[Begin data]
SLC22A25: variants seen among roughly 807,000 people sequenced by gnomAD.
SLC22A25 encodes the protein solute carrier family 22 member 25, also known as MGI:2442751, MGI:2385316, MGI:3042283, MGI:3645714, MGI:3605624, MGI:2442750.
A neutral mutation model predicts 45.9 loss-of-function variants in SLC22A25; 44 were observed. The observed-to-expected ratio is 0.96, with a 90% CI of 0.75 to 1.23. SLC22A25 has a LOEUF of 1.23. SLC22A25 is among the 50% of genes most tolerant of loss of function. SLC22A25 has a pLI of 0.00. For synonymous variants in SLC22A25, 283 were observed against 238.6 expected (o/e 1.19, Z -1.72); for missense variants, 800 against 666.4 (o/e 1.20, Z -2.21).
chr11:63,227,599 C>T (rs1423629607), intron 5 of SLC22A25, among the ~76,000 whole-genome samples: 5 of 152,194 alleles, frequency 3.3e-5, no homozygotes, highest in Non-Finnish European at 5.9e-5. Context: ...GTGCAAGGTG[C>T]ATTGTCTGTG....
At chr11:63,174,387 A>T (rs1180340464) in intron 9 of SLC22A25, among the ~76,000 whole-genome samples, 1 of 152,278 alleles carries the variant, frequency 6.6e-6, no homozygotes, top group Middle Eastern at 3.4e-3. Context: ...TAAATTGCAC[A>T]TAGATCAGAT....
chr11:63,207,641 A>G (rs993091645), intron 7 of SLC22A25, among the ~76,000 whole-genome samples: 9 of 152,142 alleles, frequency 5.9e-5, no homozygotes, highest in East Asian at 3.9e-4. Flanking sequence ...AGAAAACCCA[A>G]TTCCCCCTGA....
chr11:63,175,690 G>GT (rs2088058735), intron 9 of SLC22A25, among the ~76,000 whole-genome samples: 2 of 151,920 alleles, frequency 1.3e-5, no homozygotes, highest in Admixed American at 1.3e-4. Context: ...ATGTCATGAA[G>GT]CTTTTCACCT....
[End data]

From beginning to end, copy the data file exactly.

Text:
SLC22A25: variants seen among roughly 807,000 people sequenced by gnomAD.
SLC22A25 encodes the protein solute carrier family 22 member 25, also known as MGI:2442751, MGI:2385316, MGI:3042283, MGI:3645714, MGI:3605624, MGI:2442750.
A neutral mutation model predicts 45.9 loss-of-function variants in SLC22A25; 44 were observed. The observed-to-expected ratio is 0.96, with a 90% CI of 0.75 to 1.23. SLC22A25 has a LOEUF of 1.23. SLC22A25 is among the 50% of genes most tolerant of loss of function. SLC22A25 has a pLI of 0.00. For synonymous variants in SLC22A25, 283 were observed against 238.6 expected (o/e 1.19, Z -1.72); for missense variants, 800 against 666.4 (o/e 1.20, Z -2.21).
chr11:63,227,599 C>T (rs1423629607), intron 5 of SLC22A25, among the ~76,000 whole-genome samples: 5 of 152,194 alleles, frequency 3.3e-5, no homozygotes, highest in Non-Finnish European at 5.9e-5. Context: ...GTGCAAGGTG[C>T]ATTGTCTGTG....
At chr11:63,174,387 A>T (rs1180340464) in intron 9 of SLC22A25, among the ~76,000 whole-genome samples, 1 of 152,278 alleles carries the variant, frequency 6.6e-6, no homozygotes, top group Middle Eastern at 3.4e-3. Context: ...TAAATTGCAC[A>T]TAGATCAGAT....
chr11:63,207,641 A>G (rs993091645), intron 7 of SLC22A25, among the ~76,000 whole-genome samples: 9 of 152,142 alleles, frequency 5.9e-5, no homozygotes, highest in East Asian at 3.9e-4. Flanking sequence ...AGAAAACCCA[A>G]TTCCCCCTGA....
chr11:63,175,690 G>GT (rs2088058735), intron 9 of SLC22A25, among the ~76,000 whole-genome samples: 2 of 151,920 alleles, frequency 1.3e-5, no homozygotes, highest in Admixed American at 1.3e-4. Context: ...ATGTCATGAA[G>GT]CTTTTCACCT....